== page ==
Guess what: You can see the Aurora Borealis in the U.S. tonight

Guess what: You can see the Aurora Borealis in the U.S. tonight

The amazing Northern Lights are going to be on display -- and you might be able to see them yourself.

Good news, Americans: in some states, you’ll be able to witness the amazing Northern Lights.

It’s a sight normally reserved for those in the extreme northern regions closer to the North Police, but this aurora borealis will be so wide-ranging that it will be visible in several U.S. states, according to an report.

A huge solar eruption has sent supercharged particles speeding toward Earth, where it will collide with the Earth’s magnetic field and produce the amazing visuals we associate with the Northern Lights. They will be visible just before New Year’s Eve at certain latitutdes, and it may dip to as low as Oregon and the Bay Area on the West Coast — depending on the overall strength of the storm.

The storm will come as a result of a huge M1.9 class solar flare that erupted on Monday from the surface of the sun and should be visible this morning. It may stay visible into New Year’s Eve.

The flare should cause a G3 class geomagnetic storm, which the NOAA classifies as a strong storm on a range of G1 to G5, with G5 being the strongest. A G4 storm, much less common, would be visible deep into California.

The best way to view the aurora borealis may be by flying early in the morning on December 30th in this area. It should be most visible between 2 and 6 a.m. today on the West Coast.

An aurora, or a polar light, is a natural display caused by solar winds ejected from the sun’s surface that collide with the magnetic field generated by the Earth, resulting in charged particles that shimmer and glow. Because they interact mainly with the poles, they are generally only viewable in the upper and lower latitudes, unless the storm is extremely strong.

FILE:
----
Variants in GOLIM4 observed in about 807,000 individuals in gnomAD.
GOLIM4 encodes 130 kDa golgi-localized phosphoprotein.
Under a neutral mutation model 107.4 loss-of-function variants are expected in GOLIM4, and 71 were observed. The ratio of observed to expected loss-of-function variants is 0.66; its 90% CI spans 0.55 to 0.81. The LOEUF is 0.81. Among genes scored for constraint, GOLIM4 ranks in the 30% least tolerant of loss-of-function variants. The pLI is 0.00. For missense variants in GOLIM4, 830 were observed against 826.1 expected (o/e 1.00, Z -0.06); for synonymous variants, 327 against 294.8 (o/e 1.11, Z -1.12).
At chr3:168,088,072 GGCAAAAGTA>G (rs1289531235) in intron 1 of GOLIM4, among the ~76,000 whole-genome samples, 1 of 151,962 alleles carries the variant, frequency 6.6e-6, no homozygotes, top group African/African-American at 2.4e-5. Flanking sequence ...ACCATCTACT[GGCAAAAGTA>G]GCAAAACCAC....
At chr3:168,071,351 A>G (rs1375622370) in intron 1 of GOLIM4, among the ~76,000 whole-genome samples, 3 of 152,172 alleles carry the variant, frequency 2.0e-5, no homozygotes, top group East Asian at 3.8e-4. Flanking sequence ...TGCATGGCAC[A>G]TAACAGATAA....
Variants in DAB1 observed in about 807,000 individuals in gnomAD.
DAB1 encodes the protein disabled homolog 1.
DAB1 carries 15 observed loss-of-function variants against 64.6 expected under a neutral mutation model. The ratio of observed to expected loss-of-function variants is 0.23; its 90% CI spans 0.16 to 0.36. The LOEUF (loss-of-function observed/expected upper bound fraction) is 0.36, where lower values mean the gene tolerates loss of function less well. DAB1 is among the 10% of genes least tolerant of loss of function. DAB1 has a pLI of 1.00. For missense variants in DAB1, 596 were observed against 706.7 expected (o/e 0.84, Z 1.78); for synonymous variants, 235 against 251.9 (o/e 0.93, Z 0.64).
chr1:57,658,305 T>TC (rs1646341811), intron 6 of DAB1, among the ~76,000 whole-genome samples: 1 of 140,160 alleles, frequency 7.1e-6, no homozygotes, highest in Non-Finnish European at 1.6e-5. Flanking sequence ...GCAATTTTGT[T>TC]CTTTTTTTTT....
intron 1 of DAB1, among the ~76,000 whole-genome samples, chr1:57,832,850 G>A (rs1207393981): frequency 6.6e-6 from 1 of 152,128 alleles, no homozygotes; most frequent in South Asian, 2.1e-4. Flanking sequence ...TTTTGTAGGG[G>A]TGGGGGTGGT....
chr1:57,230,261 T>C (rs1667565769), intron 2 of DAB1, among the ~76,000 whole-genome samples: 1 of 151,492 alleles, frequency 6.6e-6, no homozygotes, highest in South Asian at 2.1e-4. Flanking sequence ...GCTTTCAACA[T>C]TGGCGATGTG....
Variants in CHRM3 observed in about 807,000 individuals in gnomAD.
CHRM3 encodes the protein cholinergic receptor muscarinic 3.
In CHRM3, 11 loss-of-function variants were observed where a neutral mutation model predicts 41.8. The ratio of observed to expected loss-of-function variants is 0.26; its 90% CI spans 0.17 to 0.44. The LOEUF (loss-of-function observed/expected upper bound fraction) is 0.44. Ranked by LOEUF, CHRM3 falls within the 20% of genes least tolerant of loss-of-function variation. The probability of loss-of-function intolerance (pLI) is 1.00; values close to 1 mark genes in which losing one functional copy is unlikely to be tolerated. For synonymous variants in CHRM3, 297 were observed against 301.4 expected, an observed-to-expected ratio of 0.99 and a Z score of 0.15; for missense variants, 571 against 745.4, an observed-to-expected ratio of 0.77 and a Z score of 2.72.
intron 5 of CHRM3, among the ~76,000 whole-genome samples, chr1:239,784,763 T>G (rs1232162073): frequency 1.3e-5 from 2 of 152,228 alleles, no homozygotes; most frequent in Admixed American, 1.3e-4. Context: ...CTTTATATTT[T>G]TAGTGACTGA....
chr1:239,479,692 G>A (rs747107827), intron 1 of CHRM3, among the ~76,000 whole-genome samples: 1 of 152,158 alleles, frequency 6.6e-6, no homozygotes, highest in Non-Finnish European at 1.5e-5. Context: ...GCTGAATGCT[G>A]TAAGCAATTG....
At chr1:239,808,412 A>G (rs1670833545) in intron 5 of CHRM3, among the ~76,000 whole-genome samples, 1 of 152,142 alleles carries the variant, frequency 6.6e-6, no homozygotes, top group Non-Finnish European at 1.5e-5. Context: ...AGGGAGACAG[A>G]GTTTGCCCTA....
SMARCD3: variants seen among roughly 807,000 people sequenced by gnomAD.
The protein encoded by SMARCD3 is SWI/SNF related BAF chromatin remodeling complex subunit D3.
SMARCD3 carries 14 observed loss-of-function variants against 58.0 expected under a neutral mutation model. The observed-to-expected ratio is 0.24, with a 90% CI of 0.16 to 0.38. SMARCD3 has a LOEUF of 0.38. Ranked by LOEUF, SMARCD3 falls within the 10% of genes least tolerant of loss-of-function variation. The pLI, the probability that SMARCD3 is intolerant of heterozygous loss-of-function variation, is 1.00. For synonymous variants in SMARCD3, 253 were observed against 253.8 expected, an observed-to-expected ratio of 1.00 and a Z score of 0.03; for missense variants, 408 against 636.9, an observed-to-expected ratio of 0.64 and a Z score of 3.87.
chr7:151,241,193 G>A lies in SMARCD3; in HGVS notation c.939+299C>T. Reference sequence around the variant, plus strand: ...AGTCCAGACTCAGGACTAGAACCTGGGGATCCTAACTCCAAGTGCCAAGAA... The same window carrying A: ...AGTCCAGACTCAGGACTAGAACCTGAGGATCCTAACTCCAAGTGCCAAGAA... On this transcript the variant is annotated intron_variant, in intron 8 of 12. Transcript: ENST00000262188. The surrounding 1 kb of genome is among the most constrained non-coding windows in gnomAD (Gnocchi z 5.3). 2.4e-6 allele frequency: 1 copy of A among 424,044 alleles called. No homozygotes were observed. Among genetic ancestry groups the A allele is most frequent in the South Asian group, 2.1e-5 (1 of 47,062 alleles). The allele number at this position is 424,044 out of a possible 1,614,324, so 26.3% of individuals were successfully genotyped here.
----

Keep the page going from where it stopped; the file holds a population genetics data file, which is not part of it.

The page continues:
“The dancing lights of the aurora provide spectacular views on the ground, but also capture the imagination of scientists who study incoming energy and particles from the sun,” NASA describes auroras on its website. “Aurora are one effect of such energetic particles, which can speed out from the sun both in a steady stream called the solar wind and due to giant eruptions known as coronal mass ejections or CMEs. After a trip toward Earth that can last two to three days, the solar particles and magnetic fields cause the release of particles already trapped near Earth, which in turn trigger reactions in the upper atmosphere in which oxygen and nitrogen molecules release photons of light. The result: the Northern and Southern lights.

“NASA’s suite of heliophysics spacecraft track how events on the sun affect near-Earth space, including several missions dedicated to aurora studies. Auroras are but one symptom of a larger space weather system in which solar material and radiation can affect Earth’s own magnetic environment and block radio communications, disturb onboard satellite computers, or — at their worst — cause electrical surges in power grids.”



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